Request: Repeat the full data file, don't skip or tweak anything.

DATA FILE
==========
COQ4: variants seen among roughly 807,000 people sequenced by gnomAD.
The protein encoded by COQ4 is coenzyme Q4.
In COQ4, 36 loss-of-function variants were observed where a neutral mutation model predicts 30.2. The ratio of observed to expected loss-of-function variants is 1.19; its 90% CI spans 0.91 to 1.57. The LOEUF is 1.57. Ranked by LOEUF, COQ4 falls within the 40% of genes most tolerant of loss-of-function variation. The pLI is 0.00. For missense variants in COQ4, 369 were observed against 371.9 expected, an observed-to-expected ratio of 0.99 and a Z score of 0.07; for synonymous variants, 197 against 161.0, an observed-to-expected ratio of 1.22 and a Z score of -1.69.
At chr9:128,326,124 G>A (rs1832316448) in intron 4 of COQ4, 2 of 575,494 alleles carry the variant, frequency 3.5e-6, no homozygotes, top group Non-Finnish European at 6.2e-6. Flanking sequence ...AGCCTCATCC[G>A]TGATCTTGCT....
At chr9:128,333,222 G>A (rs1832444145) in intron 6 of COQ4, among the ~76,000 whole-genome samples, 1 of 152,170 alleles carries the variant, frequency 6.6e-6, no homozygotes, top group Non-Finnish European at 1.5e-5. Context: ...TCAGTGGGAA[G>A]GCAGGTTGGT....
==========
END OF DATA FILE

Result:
COQ4: variants seen among roughly 807,000 people sequenced by gnomAD.
The protein encoded by COQ4 is coenzyme Q4.
In COQ4, 36 loss-of-function variants were observed where a neutral mutation model predicts 30.2. The ratio of observed to expected loss-of-function variants is 1.19; its 90% CI spans 0.91 to 1.57. The LOEUF is 1.57. Ranked by LOEUF, COQ4 falls within the 40% of genes most tolerant of loss-of-function variation. The pLI is 0.00. For missense variants in COQ4, 369 were observed against 371.9 expected, an observed-to-expected ratio of 0.99 and a Z score of 0.07; for synonymous variants, 197 against 161.0, an observed-to-expected ratio of 1.22 and a Z score of -1.69.
At chr9:128,326,124 G>A (rs1832316448) in intron 4 of COQ4, 2 of 575,494 alleles carry the variant, frequency 3.5e-6, no homozygotes, top group Non-Finnish European at 6.2e-6. Flanking sequence ...AGCCTCATCC[G>A]TGATCTTGCT....
At chr9:128,333,222 G>A (rs1832444145) in intron 6 of COQ4, among the ~76,000 whole-genome samples, 1 of 152,170 alleles carries the variant, frequency 6.6e-6, no homozygotes, top group Non-Finnish European at 1.5e-5. Context: ...TCAGTGGGAA[G>A]GCAGGTTGGT....